Republic of the Philippines
SUPREME COURT
Manila

 

 

EN BANC

 

 

G.R. No. L-22619

 

 

December 2, 1924

 

 

NATIONAL COAL COMPANY, plaintiff-appellee,


vs.


THE COLLECTOR OF INTERNAL REVENUE, defendant-appellant.

 

 

D E C I S I O N

 

JOHNSON, J.:

 

This action was brought in the Court of First Instance of the City of Manila on the 17th day of July, 1923, for the purpose of recovering the sum of P 12,044.68, alleged to have been paid under protest by the plaintiff company to the defendant, as specific tax on 24,089.3 tons of coal.  Said company is a corporation created by Act No. 2705 of the Philippine Legislature for the purpose of developing the coal industry in the Philippine Islands and is actually engaged in coal mining on reserved lands belonging to the Government.  It claimed exemption from taxes under the provisions of sections 14 and 15 of Act No. 2719, and prayed for a judgment ordering the defendant to refund to the plaintiff said sum of P 12,044.68, with legal interest from the date of the presentation of the complaint, and costs against the defendant.

 

The defendant answered denying generally and specifically all the material allegations of the complaint, except the legal existence and personality of the plaintiff.  As a special defense, the defendant alleged (a) that the sum of P 12,044.68 was paid by the plaintiff without protest, and (b) that said sum was due and owing from the plaintiff to the Government of the Philippine Islands under the provisions of section 1496 of the Administrative Code, and prayed that the complaint be dismissed, with costs against the plaintiff.

 

Upon the issue thus presented, the case was brought on for trial.  After a consideration of the evidence adduced by both parties, the Honorable Pedro Concepcion, judge, held that the words “lands owned by any person, etc.,” in section 15 of Act No. 2719 should be understood to mean “lands held in lease or usufruct,” in harmony with the ether provisions of said Act; that the coal lands possessed by the plaintiff, belonging to the Government, fell within the provisions of section 15 of Act No. 2719; and that a tax of P 0.04 per ton of 1,016 kilos on each ton of coal extracted therefrom, as provided in said section, was the only tax which should be collected from the plaintiff; and sentenced the defendant to refund to the plaintiff the sum of P 11,081.11 which is the difference between the amount collected under section 1496 of the Administrative Code and the amount which should have been collected under the provisions of said section 15 of Act No. 2719.  From that sentence the defendant appealed, and now makes the following assignments of error:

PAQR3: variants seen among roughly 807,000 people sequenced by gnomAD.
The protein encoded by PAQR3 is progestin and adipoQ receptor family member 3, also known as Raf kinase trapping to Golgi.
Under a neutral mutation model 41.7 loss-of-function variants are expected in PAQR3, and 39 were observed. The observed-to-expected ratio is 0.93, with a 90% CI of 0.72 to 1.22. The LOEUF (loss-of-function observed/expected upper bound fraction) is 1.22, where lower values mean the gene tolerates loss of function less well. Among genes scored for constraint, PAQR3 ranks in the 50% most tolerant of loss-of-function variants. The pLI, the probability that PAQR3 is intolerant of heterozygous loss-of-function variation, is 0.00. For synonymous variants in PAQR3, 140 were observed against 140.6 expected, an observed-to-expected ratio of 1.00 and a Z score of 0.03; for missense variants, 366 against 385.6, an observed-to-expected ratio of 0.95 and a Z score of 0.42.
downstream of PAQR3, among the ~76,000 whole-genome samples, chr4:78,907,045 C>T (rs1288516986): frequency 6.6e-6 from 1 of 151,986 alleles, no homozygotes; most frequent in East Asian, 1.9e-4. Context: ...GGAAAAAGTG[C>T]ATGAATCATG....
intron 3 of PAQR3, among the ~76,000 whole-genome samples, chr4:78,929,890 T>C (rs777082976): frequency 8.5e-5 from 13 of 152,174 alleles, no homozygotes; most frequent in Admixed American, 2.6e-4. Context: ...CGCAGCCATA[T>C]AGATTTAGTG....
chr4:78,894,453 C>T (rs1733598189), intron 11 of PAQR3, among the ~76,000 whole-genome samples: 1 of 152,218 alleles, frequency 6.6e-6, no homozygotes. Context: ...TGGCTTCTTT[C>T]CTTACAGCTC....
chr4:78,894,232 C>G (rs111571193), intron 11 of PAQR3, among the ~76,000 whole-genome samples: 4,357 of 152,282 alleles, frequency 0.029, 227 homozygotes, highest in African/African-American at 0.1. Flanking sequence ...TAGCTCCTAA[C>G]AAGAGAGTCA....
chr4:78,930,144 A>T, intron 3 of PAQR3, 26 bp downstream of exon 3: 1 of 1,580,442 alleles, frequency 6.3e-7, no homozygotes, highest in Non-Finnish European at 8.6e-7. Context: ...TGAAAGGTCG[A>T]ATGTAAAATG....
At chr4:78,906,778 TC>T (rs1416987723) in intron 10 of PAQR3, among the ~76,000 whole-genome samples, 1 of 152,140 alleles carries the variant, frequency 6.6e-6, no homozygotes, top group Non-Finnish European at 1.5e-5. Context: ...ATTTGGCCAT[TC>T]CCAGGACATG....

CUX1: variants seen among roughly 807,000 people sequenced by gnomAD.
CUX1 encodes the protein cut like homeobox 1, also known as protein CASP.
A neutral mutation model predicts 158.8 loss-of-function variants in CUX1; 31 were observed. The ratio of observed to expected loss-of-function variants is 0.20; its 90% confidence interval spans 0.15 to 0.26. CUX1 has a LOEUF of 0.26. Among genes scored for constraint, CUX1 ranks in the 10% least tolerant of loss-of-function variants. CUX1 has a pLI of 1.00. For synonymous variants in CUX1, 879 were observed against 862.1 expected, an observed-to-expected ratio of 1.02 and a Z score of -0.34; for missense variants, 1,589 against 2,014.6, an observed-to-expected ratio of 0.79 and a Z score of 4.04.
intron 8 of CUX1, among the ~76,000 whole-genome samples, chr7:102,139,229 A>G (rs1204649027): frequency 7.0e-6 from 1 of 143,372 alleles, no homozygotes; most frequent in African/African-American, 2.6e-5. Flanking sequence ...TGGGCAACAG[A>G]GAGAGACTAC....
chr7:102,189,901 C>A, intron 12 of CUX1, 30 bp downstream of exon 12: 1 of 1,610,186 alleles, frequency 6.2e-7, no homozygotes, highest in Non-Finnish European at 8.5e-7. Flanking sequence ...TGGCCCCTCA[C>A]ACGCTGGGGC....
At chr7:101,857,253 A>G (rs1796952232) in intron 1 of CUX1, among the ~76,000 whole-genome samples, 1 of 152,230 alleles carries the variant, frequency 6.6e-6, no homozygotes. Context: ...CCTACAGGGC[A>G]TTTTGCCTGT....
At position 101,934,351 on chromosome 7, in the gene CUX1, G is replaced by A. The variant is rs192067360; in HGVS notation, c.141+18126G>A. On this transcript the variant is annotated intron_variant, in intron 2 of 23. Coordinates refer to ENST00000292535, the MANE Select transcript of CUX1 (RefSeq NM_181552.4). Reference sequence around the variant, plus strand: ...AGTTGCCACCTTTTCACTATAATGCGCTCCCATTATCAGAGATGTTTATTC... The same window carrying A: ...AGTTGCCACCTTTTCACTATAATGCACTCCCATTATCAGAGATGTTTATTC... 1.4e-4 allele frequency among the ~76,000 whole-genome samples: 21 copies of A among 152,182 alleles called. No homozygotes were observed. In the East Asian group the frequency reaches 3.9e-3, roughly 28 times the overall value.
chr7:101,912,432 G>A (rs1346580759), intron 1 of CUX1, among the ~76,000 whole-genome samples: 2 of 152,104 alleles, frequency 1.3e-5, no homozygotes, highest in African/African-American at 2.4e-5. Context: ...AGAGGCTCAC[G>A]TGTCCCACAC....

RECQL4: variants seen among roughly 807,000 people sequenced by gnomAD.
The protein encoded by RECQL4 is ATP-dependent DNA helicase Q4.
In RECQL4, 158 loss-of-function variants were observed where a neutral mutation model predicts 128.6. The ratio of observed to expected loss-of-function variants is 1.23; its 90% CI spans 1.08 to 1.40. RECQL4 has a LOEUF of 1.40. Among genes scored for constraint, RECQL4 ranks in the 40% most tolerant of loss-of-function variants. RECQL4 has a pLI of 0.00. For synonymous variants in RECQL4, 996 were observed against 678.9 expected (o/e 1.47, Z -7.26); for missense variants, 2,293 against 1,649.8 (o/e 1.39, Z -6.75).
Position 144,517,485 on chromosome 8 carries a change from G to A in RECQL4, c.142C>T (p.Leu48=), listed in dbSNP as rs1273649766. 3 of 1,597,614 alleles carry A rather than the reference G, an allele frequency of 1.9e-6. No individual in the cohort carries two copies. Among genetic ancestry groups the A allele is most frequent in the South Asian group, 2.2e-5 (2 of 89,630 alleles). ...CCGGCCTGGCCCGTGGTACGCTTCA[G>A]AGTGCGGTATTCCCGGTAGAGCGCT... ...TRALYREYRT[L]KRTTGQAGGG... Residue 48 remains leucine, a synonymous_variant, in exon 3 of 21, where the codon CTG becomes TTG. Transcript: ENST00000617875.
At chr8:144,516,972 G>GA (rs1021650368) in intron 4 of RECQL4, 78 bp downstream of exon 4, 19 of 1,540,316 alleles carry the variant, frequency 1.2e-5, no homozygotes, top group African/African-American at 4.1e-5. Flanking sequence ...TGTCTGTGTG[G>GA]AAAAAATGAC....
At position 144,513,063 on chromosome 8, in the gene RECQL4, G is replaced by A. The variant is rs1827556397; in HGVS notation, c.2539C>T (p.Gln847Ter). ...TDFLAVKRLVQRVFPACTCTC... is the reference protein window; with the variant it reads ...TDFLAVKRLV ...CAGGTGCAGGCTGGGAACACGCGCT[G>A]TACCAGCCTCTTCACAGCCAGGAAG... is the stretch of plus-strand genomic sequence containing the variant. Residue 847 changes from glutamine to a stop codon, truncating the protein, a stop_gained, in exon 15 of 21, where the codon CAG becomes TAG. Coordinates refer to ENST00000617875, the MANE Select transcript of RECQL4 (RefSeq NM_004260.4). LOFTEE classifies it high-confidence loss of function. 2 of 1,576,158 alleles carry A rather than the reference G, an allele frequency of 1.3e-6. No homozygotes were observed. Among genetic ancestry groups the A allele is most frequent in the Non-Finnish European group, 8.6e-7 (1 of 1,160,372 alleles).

I.                 The court below erred in holding that section 15 of Act No. 2719 does not refer to coal lands owned by persons and corporations.

 

II.               The court below erred in holding that the plaintiff was not subject to the tax prescribed in section 1496 of the Administrative Code.

 

The question confronting us in this appeal is whether the plaintiff is subject to the taxes under section 15 of Act No. 2719, or to the specific taxes under section 1496 of the Administrative Code.

 

The plaintiff corporation was created on the 10th day of March, 1917, by Act No. 2705, for the purpose of developing the coal industry in the Philippine Islands, in harmony with the general plan of the Government to encourage the development of the natural resources of the country, and to provide facilities therefor.  By said Act, the company was granted the general powers of a corporation “and such other powers as may be necessary to enable it to prosecute the business of developing coal deposits in the Philippine Islands, and of mining, extracting, transporting and selling the coal contained in said deposits,” (Sec. 2, Act No. 2705.)  By the same law (Act No. 2705) the Government of the Philippine Islands is made the majority stockholder, evidently in order to insure proper governmental supervision and control, and thus to place the Government in a position to render all possible encouragement, assistance and help in the prosecution and furtherance of the company’s business.

 

On May 14, 1917, two months after the passage of Act No. 2705, creating the National Coal Company, the Philippine Legislature passed Act No. 2719 “to provide for the leasing and development of coal lands in the Philippine Islands.”  On October 18, 1917, upon petition of the National Coal Company, the Governor-General, by Proclamation No. 39, withdrew “from settlement, entry, sale or other disposition, all coal-bearing public lands within the Province of Zamboanga, Department of Mindanao and Sulu, and the Island of Polillo, Province of Tayabas.”  Almost immediately after the issuance of said proclamation the National Coal Company took possession of the coal lands within the said reservation, with an area of about 400 hectares, without any further formality, contract or lease.  Of the 30,000 shares of stock issued by the company, the Government of the Philippine Islands is the owner of 29,809 shares, that is, of 99 1/3 per centum of the whole capital stock.